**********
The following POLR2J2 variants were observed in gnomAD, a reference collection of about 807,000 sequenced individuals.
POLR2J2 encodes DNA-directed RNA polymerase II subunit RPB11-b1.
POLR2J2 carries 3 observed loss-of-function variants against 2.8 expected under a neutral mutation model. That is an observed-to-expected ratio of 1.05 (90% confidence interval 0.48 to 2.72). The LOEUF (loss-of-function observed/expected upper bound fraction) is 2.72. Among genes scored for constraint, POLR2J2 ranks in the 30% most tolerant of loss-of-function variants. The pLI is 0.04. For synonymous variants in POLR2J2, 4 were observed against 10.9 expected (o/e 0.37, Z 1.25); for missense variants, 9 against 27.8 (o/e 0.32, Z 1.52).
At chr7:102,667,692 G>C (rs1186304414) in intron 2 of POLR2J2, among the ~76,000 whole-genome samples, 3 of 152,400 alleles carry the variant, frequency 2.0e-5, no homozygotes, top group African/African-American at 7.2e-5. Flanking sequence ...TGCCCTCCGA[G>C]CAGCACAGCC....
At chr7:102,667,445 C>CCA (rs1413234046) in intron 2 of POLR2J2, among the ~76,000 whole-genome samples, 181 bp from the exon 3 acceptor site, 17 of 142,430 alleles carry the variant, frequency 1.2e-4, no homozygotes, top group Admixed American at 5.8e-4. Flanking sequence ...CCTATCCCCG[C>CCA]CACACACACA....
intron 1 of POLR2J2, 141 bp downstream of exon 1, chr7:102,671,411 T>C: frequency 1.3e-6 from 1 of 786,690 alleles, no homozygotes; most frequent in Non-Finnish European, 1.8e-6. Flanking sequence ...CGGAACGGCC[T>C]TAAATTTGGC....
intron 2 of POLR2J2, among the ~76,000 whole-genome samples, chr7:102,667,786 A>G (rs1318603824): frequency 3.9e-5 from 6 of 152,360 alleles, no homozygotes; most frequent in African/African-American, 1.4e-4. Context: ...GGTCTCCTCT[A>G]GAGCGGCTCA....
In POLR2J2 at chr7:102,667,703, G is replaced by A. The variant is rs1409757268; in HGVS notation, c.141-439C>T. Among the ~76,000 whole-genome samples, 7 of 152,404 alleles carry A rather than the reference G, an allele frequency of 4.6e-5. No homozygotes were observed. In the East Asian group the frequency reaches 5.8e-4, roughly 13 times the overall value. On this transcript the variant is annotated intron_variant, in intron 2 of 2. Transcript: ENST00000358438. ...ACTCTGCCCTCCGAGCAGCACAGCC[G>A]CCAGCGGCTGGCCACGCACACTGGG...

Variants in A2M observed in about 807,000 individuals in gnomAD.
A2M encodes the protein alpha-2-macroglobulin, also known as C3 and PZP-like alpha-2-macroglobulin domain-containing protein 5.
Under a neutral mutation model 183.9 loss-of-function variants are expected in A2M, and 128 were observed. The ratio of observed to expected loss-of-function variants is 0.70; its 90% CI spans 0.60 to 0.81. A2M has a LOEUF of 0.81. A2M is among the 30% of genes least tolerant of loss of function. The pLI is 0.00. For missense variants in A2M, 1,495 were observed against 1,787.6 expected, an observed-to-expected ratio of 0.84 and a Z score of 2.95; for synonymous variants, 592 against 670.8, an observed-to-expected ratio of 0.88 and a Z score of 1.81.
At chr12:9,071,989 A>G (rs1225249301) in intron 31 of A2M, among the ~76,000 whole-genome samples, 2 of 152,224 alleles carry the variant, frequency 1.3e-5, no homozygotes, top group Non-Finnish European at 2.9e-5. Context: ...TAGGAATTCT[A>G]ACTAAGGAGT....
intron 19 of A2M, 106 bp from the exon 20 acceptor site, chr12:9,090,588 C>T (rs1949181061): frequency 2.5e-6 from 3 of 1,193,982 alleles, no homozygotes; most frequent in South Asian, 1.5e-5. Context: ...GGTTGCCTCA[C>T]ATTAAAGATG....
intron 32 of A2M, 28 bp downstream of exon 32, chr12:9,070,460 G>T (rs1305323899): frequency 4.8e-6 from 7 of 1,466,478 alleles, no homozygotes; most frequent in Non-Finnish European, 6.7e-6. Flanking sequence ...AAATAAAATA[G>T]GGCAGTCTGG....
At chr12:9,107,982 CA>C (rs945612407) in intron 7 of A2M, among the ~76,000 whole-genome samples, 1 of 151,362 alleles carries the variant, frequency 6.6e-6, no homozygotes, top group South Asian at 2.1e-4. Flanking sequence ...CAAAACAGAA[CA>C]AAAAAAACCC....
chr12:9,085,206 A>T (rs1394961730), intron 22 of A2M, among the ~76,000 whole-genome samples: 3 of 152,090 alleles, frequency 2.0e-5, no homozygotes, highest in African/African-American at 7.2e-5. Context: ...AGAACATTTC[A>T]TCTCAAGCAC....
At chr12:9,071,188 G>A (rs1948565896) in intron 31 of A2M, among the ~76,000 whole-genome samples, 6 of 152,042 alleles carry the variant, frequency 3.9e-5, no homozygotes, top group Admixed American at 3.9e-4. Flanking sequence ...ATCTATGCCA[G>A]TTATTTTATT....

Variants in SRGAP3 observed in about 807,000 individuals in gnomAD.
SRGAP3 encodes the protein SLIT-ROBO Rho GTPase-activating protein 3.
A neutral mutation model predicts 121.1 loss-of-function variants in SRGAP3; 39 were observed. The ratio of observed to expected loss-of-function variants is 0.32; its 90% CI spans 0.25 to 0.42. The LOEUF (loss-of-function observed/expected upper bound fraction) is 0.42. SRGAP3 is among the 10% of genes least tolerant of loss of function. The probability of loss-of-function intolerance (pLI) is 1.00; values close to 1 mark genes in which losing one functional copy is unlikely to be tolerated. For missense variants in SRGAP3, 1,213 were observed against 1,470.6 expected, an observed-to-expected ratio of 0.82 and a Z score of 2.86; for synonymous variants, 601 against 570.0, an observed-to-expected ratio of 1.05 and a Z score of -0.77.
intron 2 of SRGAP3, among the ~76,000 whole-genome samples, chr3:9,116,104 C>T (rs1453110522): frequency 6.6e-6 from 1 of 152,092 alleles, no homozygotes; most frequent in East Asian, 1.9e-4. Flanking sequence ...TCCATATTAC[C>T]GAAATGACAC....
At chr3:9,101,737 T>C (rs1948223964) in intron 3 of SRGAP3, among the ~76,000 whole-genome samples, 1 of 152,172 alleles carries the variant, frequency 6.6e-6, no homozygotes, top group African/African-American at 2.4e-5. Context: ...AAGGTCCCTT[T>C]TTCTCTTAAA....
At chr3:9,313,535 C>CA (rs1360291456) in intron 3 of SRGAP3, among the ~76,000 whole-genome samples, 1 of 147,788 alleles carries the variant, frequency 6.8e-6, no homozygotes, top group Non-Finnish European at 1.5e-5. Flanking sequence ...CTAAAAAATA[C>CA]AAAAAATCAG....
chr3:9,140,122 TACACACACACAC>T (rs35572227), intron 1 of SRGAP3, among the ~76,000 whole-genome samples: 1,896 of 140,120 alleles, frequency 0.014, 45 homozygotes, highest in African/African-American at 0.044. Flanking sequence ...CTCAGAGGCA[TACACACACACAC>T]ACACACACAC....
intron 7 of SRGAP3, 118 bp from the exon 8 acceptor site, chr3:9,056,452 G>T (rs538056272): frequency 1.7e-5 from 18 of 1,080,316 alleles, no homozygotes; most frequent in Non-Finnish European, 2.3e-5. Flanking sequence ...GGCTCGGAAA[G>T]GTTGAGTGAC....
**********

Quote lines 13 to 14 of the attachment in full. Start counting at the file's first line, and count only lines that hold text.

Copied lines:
intron 19 of A2M, 106 bp from the exon 20 acceptor site, chr12:9,090,588 C>T (rs1949181061): frequency 2.5e-6 from 3 of 1,193,982 alleles, no homozygotes; most frequent in South Asian, 1.5e-5. Context: ...GGTTGCCTCA[C>T]ATTAAAGATG....
intron 32 of A2M, 28 bp downstream of exon 32, chr12:9,070,460 G>T (rs1305323899): frequency 4.8e-6 from 7 of 1,466,478 alleles, no homozygotes; most frequent in Non-Finnish European, 6.7e-6. Flanking sequence ...AAATAAAATA[G>T]GGCAGTCTGG....